By Richard Menta 2/3/13
The toilet is the number one killer of mobile devices in America. The days of wrapping the newspaper around you as you sit on the potty are long gone as we as a nation collectively choose to read the morning news coverage on our iPhone. Slippery little buggers those devices are. One distracted move and consumers all too frequently find themselves in a death struggle as they fumble frantically over their expensive iPod touch, iPhone or Android phone as it squirms and slides in their grasp. Then comes that heart-wrenching kerploink and indeed it is death that comes quickly to the little electronic device. Next comes a withdrawal, a jones that can only be satiated by replacing the dearly departed.
This, of course, was all good news for Apple who sold more iOS devices this way. That is until recently.
Now that Android devices have started to outsell iOS devices by a small margin, a significant number of Apple consumers are using the tragedies of the bathroom as an excuse to trade that iPhone in for an Android portable for the next go-round. Not that they necessarily think Android is better, just that they want to try something different. What used to work in favor of Apple now exposes them to market erosion.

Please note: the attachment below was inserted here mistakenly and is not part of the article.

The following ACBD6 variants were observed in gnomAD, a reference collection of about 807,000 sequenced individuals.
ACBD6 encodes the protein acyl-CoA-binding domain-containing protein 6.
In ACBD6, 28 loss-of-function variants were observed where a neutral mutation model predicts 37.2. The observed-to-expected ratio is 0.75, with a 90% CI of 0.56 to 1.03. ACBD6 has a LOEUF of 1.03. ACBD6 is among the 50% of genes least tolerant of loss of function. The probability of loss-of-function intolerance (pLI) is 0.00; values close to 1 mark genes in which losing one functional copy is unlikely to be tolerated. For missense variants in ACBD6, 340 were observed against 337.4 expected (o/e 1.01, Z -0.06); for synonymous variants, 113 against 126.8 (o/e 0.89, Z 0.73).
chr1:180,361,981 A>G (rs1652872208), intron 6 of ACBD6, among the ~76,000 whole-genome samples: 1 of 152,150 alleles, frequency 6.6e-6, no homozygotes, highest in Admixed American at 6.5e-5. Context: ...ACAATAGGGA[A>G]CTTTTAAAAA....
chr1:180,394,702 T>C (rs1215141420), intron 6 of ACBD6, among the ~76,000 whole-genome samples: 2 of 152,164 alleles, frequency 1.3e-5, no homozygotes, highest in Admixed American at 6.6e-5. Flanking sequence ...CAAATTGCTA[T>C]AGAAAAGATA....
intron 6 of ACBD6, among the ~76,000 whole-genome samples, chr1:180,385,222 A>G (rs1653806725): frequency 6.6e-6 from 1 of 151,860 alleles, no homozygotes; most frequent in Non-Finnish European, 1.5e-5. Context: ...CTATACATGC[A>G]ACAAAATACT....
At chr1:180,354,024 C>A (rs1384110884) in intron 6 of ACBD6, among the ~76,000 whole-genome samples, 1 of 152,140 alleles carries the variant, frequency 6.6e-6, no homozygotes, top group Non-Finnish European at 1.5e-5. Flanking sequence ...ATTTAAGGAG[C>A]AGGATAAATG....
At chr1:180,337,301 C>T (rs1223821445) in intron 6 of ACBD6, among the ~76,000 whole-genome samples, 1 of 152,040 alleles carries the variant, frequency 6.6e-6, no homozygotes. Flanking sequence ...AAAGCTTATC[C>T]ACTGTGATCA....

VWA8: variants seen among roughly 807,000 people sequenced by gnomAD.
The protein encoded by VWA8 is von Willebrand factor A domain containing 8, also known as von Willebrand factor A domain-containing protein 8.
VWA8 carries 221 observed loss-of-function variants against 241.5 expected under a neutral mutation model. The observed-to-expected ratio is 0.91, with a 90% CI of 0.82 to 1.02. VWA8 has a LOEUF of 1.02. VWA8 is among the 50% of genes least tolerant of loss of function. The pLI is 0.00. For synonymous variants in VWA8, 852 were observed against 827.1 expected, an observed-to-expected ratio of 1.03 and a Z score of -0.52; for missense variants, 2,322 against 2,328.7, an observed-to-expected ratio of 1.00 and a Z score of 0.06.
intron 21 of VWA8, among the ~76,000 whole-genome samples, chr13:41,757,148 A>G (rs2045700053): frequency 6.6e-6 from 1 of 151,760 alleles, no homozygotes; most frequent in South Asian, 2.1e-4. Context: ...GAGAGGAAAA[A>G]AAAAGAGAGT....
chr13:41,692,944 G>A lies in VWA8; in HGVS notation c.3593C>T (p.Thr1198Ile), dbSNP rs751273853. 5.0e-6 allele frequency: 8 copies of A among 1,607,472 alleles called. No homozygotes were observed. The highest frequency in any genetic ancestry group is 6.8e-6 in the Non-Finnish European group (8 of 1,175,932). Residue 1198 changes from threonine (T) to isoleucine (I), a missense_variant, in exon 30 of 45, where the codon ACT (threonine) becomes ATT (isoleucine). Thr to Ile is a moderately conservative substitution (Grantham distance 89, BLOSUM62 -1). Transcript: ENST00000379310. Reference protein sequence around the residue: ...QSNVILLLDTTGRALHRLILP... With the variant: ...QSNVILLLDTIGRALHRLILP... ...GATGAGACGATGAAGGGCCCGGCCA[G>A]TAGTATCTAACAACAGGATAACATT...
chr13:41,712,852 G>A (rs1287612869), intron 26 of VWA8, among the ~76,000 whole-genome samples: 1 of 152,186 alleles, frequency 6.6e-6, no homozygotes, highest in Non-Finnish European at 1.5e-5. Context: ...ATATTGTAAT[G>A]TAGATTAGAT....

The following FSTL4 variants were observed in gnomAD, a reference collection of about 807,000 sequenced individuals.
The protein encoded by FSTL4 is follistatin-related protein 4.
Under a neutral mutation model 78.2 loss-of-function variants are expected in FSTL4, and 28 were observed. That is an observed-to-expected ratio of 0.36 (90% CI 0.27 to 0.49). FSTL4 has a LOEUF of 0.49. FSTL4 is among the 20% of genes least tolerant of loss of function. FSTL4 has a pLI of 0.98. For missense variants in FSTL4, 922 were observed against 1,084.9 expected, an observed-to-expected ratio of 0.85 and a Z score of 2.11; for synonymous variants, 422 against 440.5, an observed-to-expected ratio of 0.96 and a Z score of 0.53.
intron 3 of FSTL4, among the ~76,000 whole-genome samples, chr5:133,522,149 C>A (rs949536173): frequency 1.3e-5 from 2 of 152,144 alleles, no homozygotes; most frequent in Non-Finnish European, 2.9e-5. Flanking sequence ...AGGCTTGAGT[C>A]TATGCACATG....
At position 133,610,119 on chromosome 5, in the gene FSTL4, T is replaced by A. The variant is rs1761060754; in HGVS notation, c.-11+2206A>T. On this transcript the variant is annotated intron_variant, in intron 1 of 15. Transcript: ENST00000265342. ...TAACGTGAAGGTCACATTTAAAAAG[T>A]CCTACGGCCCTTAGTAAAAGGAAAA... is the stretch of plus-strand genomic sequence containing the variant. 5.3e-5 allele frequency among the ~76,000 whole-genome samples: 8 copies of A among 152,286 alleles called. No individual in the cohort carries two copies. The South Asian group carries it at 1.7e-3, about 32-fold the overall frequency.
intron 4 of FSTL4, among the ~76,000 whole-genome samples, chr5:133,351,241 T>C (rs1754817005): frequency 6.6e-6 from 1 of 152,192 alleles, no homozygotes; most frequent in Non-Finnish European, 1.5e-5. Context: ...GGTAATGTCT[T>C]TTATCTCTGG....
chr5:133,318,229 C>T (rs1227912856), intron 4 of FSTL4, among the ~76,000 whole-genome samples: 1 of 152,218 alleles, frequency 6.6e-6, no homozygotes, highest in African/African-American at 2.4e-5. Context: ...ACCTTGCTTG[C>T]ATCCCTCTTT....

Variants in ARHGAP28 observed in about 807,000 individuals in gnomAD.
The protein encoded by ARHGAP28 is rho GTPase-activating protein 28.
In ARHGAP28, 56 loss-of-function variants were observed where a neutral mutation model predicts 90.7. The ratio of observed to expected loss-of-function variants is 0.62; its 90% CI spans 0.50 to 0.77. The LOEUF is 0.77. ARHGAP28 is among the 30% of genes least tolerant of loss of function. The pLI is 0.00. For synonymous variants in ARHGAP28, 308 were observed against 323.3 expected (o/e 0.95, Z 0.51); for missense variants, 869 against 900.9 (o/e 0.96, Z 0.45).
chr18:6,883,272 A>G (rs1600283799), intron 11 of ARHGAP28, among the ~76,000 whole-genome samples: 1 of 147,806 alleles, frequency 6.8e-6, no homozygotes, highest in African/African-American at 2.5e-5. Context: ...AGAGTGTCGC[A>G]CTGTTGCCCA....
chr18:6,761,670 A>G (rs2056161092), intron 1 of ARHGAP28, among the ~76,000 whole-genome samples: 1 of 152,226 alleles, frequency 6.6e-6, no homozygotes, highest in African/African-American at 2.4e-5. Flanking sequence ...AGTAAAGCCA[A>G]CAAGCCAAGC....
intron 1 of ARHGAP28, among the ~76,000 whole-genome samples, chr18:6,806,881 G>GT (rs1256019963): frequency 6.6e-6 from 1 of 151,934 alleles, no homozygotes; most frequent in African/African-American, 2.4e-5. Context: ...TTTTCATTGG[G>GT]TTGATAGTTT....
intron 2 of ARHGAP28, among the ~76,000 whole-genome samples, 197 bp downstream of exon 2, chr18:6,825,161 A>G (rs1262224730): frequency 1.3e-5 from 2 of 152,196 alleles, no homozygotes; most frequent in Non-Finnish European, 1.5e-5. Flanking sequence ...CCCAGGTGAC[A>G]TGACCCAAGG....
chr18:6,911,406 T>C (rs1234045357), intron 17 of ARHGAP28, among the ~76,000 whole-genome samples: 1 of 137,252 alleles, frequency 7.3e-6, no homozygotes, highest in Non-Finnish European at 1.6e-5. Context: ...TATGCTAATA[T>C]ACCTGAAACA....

Only Apple sells iOS devices, but dozens of makers market Android-powered wares, including the big electronic giants with advertising pockets as deep as Apple's. Their latest products are also a lot more competitve than those first round of Android tablets. Samsung alone has made some serious strides with the Galaxy S III. This change in the market suggests that Apple would be better off adjusting their strategy and extend the half-life of the average iOS device, further promoting a consumer loyalty that is already the highest in any industry.
Supposedly, Apple's new lightning connector is waterproof. Why make waterproof jacks unless there are plans to make devices that are themselves waterproof? The digerati seem to feel this is for the benefit of accessory makers. iPhone eating toilets make a case for waterproofing to be an upcoming feature for the next gen iPod and iPhone devices.
It makes sense. If the premature end of an iOS product gives Android makers a shot at that customer then it is better to have your products live closer to their full life span. This will, at minimum, delay market erosion. It also makes your future product more compelling, especially among the many many consumers who have lost devices to water.
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